Wednesday, March 4, 2015

Quick Update

The meetings have been productive. Much of the dataset is complete: we have collected reviews from over 100 applications from top 100 lists on the Google Play store. Theresa and I have been experimenting with different methods of sentiment analysis including Natural Language Processing (our initial focus) and support vector machines (a side experiment).

Dr. Zheng has pointed us in a more focused direction. We're going to test the sentiment analysis on all of the apps that the developers we collected have created. After giving each app a sentiment score, we will create an aggregate score for the developer. This aggregate score will be compared to the overall developer score. In particular, we are looking at developers that have earned the "Top Developer" badge as more interesting examples.

We hope to test this method on the dataset this week!


Tapia Conference Update

I recently attended ACM Richard Tapia Celebration of Diversity in Computing. The conference was very enlightening and enjoyable. It was very refreshing to get to discuss topics in Computer Science with individuals in fellow minority groups.

Many of the talks were non-technical but fascinating. One talk in particular was on using Twitter as a medium to empower minority women in STEM.
Khalia Braswell (pictured right) led a "Twitter Chat" during the workshop. Individuals participating in the workshop (or anyone with the correct hashtag) could participate in a Q/A session via Twitter. Individuals could share their success stories with other members of the chat. Some example questions were:
Q1: At what moment did you feel most Empowered to pursue/remain in STEM?! Q2: What helped you overcome the most challenging moment you had in STEM?
The workshop shared some great ideas about using social media to connect numerous small groups that are all dedicated to the same cause. Thank you Khalia for the experience!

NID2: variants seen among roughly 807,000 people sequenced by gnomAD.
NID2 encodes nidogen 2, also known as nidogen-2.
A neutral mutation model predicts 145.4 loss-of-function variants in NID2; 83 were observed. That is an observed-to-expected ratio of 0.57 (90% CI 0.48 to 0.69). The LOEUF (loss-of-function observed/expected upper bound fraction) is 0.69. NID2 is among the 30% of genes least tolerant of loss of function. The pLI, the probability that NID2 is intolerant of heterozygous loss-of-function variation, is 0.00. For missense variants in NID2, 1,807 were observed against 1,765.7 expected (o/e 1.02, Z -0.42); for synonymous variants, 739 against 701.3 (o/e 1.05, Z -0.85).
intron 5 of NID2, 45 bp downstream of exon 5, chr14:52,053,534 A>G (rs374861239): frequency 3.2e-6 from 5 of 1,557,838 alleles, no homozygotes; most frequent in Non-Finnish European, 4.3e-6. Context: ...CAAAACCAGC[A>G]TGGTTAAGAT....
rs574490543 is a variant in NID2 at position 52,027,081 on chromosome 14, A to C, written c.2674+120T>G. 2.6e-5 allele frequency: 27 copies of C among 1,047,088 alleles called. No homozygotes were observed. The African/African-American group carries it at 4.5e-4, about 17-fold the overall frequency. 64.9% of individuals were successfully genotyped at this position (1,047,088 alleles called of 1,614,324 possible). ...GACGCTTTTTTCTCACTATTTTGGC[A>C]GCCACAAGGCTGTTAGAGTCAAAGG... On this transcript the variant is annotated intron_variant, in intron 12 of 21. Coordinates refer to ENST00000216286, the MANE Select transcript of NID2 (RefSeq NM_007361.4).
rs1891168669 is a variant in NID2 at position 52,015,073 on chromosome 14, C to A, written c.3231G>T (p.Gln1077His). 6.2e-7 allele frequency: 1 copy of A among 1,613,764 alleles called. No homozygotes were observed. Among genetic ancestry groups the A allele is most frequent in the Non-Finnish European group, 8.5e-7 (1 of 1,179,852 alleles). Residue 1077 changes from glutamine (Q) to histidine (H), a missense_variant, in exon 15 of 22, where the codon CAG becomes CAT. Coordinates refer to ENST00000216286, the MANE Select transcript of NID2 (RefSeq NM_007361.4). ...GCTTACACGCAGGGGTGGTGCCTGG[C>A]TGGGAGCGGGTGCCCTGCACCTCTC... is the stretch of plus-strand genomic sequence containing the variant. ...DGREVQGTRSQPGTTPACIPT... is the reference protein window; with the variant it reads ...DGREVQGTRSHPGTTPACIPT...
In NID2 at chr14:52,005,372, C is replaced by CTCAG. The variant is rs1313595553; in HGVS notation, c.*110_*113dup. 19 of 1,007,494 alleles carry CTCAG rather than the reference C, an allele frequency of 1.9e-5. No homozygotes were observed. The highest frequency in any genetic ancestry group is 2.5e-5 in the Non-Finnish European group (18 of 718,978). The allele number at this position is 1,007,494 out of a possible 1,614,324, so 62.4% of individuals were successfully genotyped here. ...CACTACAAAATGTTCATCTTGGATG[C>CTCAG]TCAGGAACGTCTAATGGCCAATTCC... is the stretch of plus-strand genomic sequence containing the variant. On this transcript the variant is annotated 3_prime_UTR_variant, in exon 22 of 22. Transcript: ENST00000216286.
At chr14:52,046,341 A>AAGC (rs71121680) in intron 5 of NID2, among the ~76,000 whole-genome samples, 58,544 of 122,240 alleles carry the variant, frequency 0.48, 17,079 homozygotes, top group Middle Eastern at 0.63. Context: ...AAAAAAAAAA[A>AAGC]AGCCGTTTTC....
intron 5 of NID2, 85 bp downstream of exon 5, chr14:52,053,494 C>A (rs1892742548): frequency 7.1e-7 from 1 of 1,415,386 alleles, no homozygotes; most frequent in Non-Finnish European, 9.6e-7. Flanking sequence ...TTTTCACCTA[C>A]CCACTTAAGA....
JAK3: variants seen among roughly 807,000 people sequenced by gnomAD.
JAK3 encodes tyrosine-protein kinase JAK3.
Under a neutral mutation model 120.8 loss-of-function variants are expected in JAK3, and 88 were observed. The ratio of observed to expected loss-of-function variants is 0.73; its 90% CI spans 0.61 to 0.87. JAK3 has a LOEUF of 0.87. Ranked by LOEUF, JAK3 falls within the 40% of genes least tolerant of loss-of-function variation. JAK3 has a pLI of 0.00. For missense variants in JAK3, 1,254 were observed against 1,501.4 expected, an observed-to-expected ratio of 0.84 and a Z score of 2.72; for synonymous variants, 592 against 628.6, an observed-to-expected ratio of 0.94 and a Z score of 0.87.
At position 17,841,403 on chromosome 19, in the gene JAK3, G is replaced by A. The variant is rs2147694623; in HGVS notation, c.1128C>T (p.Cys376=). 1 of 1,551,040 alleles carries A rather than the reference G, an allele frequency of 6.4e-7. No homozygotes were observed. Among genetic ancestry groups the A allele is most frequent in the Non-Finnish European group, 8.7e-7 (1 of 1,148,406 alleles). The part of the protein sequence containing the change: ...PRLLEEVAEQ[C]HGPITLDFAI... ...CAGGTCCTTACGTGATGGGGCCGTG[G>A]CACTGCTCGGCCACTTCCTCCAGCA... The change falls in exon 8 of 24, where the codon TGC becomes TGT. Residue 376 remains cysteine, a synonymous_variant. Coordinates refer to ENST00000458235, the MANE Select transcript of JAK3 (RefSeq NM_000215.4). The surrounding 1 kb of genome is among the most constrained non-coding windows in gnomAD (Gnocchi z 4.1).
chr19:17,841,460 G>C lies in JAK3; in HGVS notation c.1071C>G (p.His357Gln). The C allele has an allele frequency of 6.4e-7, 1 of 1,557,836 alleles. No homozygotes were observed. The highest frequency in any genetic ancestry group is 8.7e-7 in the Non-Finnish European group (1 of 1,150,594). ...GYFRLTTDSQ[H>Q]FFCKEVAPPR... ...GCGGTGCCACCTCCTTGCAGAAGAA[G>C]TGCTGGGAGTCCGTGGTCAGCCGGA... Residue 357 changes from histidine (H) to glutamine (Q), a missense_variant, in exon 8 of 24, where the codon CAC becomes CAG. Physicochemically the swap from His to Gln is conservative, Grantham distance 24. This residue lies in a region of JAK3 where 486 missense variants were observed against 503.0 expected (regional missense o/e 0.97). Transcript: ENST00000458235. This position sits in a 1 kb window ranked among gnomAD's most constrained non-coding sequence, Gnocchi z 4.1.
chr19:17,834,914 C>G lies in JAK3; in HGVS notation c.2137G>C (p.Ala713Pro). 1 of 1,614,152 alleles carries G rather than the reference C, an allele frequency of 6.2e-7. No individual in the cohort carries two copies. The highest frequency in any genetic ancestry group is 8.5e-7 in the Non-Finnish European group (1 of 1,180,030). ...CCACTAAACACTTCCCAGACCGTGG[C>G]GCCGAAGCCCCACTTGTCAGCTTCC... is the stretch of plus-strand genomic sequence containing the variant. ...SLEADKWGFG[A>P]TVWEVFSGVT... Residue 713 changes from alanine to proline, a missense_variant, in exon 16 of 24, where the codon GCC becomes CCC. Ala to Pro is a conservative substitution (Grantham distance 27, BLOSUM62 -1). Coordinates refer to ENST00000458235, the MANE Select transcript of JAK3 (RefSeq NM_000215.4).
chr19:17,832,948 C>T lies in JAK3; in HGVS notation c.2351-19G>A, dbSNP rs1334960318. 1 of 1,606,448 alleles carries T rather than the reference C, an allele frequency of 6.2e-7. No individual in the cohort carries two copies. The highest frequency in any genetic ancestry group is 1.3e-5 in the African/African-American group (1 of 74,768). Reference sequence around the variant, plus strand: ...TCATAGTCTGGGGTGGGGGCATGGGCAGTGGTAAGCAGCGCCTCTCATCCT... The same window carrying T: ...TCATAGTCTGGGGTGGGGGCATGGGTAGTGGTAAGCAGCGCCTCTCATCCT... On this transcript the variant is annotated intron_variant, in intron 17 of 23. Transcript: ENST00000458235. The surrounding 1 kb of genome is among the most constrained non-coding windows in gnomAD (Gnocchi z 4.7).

There were many interesting companies fully or partially attending the conference. Microsoft showed off one of its products: Microsoft Power BI. The demonstration provided some amazing visualizations. The presentation made me realize just how far we have come with data visualization.

SocialVPN was a project spearheaded by the workshop speaker
The second day of the conference provided more technical workshops. I attended an interesting instructional workshop on using the internet privately in the age of NSA Spying. The talk was very informative and I learned a lot about tools that I did not know existed such as SocialVPN

I met some interesting people throughout the conference. I enjoyed discussing classes with other students attending the conference; it really gave me a way to gauge my education at New Mexico Tech as compared to much larger schools.

Perhaps the most academically fulfilling moment was during a conversation I had with a student attending Cornell about class size. The student told me that when she started, there were hundreds of individuals in her classes. She thought that this number would get smaller as she went on with her degree. Much to her surprise, the class sizes did not shrink. This made me really appreciate the small class sizes that I have experienced at New Mexico Tech. In my classes, most of the professors know your name and the class sizes are often below 20 people. When I told the student this, she was shocked; she told me I was very fortunate to be able to learn in such a close-knit environment. I am now more appreciative of the quality of education that I am getting at New Mexico Tech.

Overall, the conference was a very fulfilling experience. I talked with a lot of interesting individuals and shared conversation on interesting topics in computer science. In addition, I learned just how useful resources such as Twitter can be in communication and networking. Given the chance, I would like to attend the conference again next year.

Randy Van Why